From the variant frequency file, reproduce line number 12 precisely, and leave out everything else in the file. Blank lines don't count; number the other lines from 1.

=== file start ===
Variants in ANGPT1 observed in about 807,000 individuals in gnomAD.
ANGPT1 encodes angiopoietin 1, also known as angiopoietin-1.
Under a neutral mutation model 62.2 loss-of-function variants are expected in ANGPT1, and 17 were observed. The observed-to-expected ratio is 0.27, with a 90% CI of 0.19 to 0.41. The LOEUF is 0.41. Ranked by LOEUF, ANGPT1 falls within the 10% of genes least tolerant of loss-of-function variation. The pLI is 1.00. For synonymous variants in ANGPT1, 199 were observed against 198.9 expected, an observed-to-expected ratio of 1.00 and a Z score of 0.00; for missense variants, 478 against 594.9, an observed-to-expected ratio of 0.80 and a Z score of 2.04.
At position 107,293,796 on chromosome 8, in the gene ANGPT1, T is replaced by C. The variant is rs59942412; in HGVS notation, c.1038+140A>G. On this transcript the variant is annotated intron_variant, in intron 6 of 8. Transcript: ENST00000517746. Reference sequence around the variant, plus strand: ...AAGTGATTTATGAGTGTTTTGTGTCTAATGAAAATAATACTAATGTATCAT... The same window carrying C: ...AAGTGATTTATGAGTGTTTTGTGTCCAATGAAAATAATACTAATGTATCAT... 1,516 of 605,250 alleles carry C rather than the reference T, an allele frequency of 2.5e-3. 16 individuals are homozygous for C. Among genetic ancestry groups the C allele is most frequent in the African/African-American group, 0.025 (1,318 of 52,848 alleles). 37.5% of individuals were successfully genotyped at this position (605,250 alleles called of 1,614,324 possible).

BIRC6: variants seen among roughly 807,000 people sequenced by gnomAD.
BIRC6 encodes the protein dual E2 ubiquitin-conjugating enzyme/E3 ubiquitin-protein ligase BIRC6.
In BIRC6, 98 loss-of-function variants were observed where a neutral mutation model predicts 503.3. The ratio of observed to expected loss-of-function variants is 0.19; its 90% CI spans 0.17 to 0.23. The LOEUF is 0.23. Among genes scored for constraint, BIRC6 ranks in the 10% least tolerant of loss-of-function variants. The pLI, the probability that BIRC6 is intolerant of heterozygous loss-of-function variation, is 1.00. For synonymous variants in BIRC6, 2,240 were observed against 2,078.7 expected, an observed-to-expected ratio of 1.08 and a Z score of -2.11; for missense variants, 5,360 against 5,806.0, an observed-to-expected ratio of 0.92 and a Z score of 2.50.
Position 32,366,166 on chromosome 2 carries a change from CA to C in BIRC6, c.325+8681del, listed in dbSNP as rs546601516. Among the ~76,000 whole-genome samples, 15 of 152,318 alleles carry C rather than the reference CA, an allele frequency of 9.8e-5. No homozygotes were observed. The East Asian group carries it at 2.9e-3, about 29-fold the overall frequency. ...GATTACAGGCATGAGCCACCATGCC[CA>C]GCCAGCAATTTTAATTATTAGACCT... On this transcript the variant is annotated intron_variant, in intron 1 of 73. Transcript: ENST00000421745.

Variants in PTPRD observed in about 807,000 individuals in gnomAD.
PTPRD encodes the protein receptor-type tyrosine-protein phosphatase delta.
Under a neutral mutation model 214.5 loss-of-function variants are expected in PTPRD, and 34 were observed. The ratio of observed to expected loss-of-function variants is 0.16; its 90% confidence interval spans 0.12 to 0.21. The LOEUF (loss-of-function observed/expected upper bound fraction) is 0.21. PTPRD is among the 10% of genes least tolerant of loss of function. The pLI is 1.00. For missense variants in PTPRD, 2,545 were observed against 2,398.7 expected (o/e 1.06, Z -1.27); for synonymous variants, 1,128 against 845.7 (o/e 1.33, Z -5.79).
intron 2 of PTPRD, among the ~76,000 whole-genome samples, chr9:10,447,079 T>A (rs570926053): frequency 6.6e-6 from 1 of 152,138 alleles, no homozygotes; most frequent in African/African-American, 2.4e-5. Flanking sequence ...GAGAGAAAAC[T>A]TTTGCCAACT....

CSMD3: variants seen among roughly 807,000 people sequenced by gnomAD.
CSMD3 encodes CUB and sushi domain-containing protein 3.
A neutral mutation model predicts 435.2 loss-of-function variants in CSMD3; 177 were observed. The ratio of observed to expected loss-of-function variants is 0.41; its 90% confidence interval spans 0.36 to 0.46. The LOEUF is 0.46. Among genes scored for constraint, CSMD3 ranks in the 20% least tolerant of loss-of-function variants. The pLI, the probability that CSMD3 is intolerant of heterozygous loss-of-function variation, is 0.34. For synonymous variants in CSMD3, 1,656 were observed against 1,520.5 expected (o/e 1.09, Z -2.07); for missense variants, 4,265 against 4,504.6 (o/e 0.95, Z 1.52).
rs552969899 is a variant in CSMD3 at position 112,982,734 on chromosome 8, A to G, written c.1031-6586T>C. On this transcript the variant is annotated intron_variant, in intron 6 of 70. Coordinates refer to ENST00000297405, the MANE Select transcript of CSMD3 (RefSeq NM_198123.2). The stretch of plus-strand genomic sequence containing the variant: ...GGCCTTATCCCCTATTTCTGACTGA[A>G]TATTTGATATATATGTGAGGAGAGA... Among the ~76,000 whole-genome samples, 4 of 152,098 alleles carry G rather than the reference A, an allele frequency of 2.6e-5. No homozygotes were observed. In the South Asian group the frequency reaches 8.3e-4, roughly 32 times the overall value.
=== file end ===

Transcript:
intron 2 of PTPRD, among the ~76,000 whole-genome samples, chr9:10,447,079 T>A (rs570926053): frequency 6.6e-6 from 1 of 152,138 alleles, no homozygotes; most frequent in African/African-American, 2.4e-5. Flanking sequence ...GAGAGAAAAC[T>A]TTTGCCAACT....